I’d seen the headline a few times before I finally read the story: Teen's dad spends school year waving at bus, embarrassing son. When I finally did read it, I was utterly charmed. A father waved at his high school sophomore son’s bus every day as it passed by the house—dressed in costume.
As quixotic as this project was, I firmly believe it was, as the father said, "’a way of letting him know that we really care about him, but do something a little different.’ He described it as ‘a father's way’ of saying I love you.”
As I read it, I thought it held a lot of lessons about youth ministry -- or any ministry. Even if you don’t dress up in costume or set out to embarrass your kids, I think this father did a number of things that are applicable to us as we work with youth.
1) Do the small things This father waved. He waved at the bus every day. That is what he did. What are the small things we can do to show the youth we work with that we’re paying attention?
2) It may require regular consistent effort over the long haul I think a lot of us get caught up in trying to produce the one or two big events that everyone will remember and that will make a big impact. But doing the small things consistently, regularly, and well will perhaps be more effective. It’s certainly what leads to building relationships.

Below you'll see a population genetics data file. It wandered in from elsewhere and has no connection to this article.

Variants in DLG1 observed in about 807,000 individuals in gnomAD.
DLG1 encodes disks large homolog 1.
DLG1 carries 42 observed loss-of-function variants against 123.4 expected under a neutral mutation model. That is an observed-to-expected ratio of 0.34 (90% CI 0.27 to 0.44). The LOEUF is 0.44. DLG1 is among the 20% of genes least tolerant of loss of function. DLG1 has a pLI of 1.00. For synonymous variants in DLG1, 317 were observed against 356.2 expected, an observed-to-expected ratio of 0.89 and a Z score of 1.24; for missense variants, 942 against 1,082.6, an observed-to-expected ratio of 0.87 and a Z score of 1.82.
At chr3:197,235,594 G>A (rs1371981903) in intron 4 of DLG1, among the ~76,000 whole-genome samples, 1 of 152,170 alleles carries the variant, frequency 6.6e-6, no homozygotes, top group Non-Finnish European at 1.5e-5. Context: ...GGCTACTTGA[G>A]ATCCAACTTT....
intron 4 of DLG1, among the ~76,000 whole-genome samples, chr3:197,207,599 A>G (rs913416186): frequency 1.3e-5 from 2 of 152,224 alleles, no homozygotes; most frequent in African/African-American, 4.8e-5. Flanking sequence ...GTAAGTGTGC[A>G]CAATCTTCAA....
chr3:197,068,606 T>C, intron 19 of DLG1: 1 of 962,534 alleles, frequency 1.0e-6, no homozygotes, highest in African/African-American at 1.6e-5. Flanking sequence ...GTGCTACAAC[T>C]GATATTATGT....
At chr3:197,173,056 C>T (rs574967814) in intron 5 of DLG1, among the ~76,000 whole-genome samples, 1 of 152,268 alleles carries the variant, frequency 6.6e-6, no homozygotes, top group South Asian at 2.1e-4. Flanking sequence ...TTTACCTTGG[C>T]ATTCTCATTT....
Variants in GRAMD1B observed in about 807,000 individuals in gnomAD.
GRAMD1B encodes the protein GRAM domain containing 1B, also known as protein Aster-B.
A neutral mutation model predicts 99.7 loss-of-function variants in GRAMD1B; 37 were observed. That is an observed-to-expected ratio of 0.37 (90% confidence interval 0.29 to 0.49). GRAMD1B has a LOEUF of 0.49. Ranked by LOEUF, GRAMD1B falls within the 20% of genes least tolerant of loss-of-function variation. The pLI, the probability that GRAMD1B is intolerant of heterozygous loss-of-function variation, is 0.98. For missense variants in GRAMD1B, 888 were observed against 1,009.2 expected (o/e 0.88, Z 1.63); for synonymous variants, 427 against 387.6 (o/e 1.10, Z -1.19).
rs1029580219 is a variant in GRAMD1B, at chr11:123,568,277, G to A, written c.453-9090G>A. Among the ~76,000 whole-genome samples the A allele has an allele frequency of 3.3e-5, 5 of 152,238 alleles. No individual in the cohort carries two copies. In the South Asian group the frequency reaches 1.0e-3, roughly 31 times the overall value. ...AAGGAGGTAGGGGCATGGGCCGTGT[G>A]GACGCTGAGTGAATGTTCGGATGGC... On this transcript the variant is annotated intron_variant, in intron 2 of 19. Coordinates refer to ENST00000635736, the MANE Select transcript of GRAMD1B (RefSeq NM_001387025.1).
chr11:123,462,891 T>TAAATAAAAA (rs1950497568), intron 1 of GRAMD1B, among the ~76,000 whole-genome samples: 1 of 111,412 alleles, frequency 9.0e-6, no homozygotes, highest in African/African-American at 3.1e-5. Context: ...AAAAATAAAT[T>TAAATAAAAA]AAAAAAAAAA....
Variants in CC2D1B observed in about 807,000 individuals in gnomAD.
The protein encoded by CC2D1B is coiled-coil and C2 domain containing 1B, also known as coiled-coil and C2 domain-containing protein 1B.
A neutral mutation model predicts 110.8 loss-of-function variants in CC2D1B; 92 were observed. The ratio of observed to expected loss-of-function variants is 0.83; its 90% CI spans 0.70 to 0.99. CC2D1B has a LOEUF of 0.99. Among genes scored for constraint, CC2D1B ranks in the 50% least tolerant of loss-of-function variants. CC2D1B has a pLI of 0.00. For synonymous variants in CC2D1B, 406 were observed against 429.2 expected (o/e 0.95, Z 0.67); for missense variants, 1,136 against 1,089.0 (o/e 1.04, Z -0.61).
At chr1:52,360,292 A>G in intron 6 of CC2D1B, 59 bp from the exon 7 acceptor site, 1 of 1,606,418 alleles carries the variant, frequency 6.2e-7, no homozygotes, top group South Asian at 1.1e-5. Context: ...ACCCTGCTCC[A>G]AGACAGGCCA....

3) It’s not about being cool This father did not try to be cool for his teen. If so he would never have dressed up as the Little Mermaid. In fact, he embraced the very thing that is so hard for many parents of teens: knowing that your child thinks you are embarrassing. He went right in there and made the embarrassment part of his call.
4) Rewards come in many forms I loved this comment from the son: "I'm not going to reward him for this; his reward is seeing my embarrassment." From the article, it sounds like this is the reward the father was looking for. What kind of reward do we want? If we have more than one thing in mind (such as, say, “seeing youth grow in faith” and “being liked”), are these rewards competing with one another? Is the way we are going about our work likely to get the reward we are seeking?
5) We may never see the results of our efforts Then again, we may be seeking a reward we may never see. The father said, “"I hope this lives with him for the rest of his life. He can use it against his kids and tell them, 'If you think you are embarrassed by me, you should have seen your grandfather.'" This is one of the blessings and curses of working with youth: we can have a huge impact, but we may never see what it actually does. Are you working with the long-range impact in mind?
But I keep going back to the first thing I wrote, that this was a way of saying I love you. This was a labor of love. In this case, dressing up in silly costumes and waving at the bus was a father’s way; but what is your way of telling the people to whom you minister that you love them?
Updated January 2013: He's still waving!